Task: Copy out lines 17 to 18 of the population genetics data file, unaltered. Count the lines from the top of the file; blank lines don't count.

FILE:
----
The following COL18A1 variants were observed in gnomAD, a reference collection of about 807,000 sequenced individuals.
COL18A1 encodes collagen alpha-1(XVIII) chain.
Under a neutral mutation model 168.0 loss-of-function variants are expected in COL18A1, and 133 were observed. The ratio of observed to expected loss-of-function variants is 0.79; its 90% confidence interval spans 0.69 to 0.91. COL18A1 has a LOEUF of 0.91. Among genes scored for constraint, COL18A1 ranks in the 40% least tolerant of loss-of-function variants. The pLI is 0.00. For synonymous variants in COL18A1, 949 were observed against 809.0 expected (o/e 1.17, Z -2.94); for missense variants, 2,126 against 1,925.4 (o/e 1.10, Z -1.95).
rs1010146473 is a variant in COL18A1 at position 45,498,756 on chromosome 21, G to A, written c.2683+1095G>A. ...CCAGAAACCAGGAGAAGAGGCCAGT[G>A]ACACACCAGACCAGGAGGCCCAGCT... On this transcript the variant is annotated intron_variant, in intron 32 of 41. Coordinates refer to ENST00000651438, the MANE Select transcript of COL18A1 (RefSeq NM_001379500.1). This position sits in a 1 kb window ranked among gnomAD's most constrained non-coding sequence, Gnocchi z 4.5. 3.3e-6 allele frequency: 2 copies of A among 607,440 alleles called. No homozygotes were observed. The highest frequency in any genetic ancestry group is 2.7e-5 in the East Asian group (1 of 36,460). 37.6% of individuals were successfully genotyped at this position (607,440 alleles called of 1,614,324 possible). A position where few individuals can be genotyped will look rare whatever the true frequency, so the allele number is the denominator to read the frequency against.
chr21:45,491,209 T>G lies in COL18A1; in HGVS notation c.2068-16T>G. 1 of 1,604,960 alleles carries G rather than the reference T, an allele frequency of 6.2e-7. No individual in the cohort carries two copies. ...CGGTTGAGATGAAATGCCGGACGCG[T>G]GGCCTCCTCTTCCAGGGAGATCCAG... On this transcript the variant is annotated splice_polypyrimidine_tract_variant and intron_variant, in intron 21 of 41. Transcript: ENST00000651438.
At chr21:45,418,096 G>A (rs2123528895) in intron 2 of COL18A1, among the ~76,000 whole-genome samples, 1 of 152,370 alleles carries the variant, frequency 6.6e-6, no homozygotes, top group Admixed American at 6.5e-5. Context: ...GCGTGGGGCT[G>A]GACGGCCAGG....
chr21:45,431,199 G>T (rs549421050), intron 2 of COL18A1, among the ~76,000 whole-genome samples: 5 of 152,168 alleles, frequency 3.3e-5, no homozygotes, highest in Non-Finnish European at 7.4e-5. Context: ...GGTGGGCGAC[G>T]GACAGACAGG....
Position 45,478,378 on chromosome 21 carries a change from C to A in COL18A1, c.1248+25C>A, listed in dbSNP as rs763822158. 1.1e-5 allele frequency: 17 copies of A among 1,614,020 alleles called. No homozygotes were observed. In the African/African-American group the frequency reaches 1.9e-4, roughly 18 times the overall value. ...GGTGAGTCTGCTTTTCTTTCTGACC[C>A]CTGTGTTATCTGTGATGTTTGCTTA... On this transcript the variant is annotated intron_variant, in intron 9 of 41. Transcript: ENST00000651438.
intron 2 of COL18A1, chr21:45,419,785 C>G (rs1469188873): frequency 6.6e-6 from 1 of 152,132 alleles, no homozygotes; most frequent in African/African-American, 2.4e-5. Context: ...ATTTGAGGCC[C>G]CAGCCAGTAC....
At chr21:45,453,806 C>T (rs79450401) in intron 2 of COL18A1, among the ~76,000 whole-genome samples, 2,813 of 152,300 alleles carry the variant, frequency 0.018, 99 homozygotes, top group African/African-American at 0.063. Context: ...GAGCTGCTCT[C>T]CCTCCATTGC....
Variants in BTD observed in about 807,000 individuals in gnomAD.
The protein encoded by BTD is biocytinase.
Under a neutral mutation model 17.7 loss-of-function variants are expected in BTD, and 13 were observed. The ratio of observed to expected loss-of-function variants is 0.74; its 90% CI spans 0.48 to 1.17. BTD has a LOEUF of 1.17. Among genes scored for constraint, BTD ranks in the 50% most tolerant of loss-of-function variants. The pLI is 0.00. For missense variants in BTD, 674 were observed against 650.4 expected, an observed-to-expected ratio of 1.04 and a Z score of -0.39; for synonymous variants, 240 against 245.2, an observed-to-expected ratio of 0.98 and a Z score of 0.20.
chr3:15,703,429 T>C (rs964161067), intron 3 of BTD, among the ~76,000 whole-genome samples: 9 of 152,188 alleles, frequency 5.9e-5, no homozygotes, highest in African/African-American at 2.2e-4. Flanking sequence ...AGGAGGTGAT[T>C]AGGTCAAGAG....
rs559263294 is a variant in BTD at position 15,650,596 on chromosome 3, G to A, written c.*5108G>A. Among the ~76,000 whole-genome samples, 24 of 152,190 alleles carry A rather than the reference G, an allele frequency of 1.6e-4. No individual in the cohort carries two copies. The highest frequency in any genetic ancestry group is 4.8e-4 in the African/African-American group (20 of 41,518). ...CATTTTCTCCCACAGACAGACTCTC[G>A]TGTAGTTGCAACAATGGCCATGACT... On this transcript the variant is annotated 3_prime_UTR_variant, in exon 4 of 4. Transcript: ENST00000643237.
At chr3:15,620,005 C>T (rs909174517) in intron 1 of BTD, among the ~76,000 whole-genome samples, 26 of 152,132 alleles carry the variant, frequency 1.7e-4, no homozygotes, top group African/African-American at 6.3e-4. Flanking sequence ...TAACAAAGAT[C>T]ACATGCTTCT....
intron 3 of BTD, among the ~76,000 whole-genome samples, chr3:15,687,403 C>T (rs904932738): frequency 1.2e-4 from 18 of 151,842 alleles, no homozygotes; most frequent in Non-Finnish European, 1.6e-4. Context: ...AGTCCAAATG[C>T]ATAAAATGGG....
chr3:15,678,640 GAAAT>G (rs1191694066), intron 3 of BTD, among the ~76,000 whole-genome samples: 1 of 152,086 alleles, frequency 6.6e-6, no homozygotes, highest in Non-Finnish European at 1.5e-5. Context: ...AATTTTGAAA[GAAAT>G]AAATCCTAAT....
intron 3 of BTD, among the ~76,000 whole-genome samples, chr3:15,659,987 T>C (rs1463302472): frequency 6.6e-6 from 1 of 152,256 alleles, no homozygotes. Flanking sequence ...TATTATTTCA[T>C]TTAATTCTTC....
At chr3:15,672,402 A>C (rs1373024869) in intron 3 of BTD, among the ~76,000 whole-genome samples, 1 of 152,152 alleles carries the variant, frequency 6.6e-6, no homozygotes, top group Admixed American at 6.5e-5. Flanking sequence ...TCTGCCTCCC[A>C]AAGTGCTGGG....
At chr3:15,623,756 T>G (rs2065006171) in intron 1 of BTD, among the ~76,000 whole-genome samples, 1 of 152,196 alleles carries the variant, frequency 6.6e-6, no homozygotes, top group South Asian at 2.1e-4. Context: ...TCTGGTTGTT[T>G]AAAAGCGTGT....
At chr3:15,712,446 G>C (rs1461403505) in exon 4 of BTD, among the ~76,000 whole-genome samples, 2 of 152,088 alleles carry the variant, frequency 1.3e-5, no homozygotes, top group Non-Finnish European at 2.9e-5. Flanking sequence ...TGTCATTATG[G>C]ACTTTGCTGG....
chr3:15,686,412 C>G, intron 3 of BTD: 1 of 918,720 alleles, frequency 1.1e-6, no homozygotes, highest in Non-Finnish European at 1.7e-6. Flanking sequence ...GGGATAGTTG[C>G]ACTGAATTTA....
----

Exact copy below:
intron 3 of BTD, among the ~76,000 whole-genome samples, chr3:15,687,403 C>T (rs904932738): frequency 1.2e-4 from 18 of 151,842 alleles, no homozygotes; most frequent in Non-Finnish European, 1.6e-4. Context: ...AGTCCAAATG[C>T]ATAAAATGGG....
chr3:15,678,640 GAAAT>G (rs1191694066), intron 3 of BTD, among the ~76,000 whole-genome samples: 1 of 152,086 alleles, frequency 6.6e-6, no homozygotes, highest in Non-Finnish European at 1.5e-5. Context: ...AATTTTGAAA[GAAAT>G]AAATCCTAAT....